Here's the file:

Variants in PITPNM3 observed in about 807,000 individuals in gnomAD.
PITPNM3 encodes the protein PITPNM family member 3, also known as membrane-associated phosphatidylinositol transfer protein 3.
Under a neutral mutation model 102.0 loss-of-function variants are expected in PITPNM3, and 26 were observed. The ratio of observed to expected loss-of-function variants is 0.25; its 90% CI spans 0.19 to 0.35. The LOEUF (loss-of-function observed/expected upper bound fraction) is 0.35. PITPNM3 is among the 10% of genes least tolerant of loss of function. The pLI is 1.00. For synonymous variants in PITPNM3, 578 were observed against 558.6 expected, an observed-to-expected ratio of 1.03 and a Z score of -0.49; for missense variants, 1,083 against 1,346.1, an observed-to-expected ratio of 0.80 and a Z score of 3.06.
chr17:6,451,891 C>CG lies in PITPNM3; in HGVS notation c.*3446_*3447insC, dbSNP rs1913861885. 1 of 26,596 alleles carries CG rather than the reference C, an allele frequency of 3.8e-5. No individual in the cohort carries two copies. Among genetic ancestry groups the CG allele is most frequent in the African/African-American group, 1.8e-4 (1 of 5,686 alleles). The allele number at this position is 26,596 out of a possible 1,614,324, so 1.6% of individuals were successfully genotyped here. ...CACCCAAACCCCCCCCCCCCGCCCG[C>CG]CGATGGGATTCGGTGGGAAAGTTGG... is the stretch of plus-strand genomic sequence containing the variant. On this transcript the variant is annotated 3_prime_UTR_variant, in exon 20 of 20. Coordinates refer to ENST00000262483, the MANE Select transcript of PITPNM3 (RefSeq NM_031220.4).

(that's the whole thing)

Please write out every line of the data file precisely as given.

Variants in PITPNM3 observed in about 807,000 individuals in gnomAD.
PITPNM3 encodes the protein PITPNM family member 3, also known as membrane-associated phosphatidylinositol transfer protein 3.
Under a neutral mutation model 102.0 loss-of-function variants are expected in PITPNM3, and 26 were observed. The ratio of observed to expected loss-of-function variants is 0.25; its 90% CI spans 0.19 to 0.35. The LOEUF (loss-of-function observed/expected upper bound fraction) is 0.35. PITPNM3 is among the 10% of genes least tolerant of loss of function. The pLI is 1.00. For synonymous variants in PITPNM3, 578 were observed against 558.6 expected, an observed-to-expected ratio of 1.03 and a Z score of -0.49; for missense variants, 1,083 against 1,346.1, an observed-to-expected ratio of 0.80 and a Z score of 3.06.
chr17:6,451,891 C>CG lies in PITPNM3; in HGVS notation c.*3446_*3447insC, dbSNP rs1913861885. 1 of 26,596 alleles carries CG rather than the reference C, an allele frequency of 3.8e-5. No individual in the cohort carries two copies. Among genetic ancestry groups the CG allele is most frequent in the African/African-American group, 1.8e-4 (1 of 5,686 alleles). The allele number at this position is 26,596 out of a possible 1,614,324, so 1.6% of individuals were successfully genotyped here. ...CACCCAAACCCCCCCCCCCCGCCCG[C>CG]CGATGGGATTCGGTGGGAAAGTTGG... is the stretch of plus-strand genomic sequence containing the variant. On this transcript the variant is annotated 3_prime_UTR_variant, in exon 20 of 20. Coordinates refer to ENST00000262483, the MANE Select transcript of PITPNM3 (RefSeq NM_031220.4).